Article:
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Cyclists racing

Spring has finally sprung in the Bay State, and with it comes all the outdoor fun that warm temperatures have to offer. Among the many opportunities to enjoy spring weather, bicycling is one of the most popular activities among Massachusetts residents. Further, with the opportunity to save thousands of dollars a year by choosing alternative transportation over cars, more and more people are turning to bicycles as their primary means of getting around. For example, bike commuting in Boston alone has grown 98% since 2000, according to the League of American Bicyclists. That’s why it’s important to stay safe on streets and back roads alike with these bike safety tips for National Bike Month:

Always wear a helmet.

School-aged children between 5-18 years old account for more than 50% of all nonfatal bicycle injuries in Massachusetts. Often, these incidents can be prevented simply by wearing a bike helmet. All children under 16 years old are required by law to wear a helmet.

Be visible.

In Massachusetts, you must use a white headlight and red taillight or rear reflector if you are riding anytime from 1/2 hour after sunset until 1/2 hour before sunrise, as required by law. Additionally, wear bright clothing at night to maintain visibility.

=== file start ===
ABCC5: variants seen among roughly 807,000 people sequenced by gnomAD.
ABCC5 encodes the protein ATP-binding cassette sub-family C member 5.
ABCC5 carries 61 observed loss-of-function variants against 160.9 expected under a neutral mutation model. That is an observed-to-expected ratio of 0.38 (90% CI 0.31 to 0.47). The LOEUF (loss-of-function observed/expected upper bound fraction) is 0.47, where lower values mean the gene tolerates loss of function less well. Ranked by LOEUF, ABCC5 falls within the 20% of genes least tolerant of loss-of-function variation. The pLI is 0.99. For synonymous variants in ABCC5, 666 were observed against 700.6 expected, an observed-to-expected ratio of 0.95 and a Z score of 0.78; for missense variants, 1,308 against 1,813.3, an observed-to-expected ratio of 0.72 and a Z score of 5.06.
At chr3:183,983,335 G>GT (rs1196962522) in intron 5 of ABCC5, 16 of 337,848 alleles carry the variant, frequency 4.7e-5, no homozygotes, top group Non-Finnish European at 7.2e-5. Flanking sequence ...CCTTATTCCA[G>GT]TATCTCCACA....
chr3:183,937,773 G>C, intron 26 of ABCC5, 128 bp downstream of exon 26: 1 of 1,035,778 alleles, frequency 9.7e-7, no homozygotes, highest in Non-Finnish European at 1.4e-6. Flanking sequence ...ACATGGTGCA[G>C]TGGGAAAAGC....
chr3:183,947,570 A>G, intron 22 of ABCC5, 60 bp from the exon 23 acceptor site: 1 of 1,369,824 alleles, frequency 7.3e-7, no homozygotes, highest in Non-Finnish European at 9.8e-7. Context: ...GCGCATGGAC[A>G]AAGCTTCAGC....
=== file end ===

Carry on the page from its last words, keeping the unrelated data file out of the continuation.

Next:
Check your equipment.

Make sure handlebars, tires, seats, and brakes are all functioning properly and meet equipment requirements. Take your bicycle in for yearly maintenance checkups at your local cycling shop.

Obey the rules of the road.

Know your responsibilities as a bicyclist in Massachusetts. Follow bike and traffic laws including passing cars on the right and yielding to pedestrians. Remember, the law applies to all cyclists – even you!

Use hand signals.

Know proper hand signals for alerting drivers and pedestrians of actions. With so many vying for street space, hand signals are a helpful way of letting others know where you are headed.

Stay alert.

Use your eyes and ears while out riding. Watch out for potholes, railroad tracks, storm grates, or anything else that could make you lose control of your bike. Always check traffic signals and street signs, and take breaks when you need to.

Know the sidewalk laws.

State law indicates cyclists may ride on sidewalks outside business districts, unless local laws prohibit sidewalk riding. Check with your city to learn about its bike laws pertaining to sidewalk riding.

Whether you are biking to work or exploring the many bike paths and trails Massachusetts has to offer, be sure to stay safe while cycling. Enjoy the warm temperatures while getting exercise and appreciating the outdoors!

What are you doing to celebrate National Bike Month? Share your ideas in the comments below or by tweeting us, @MassGov.

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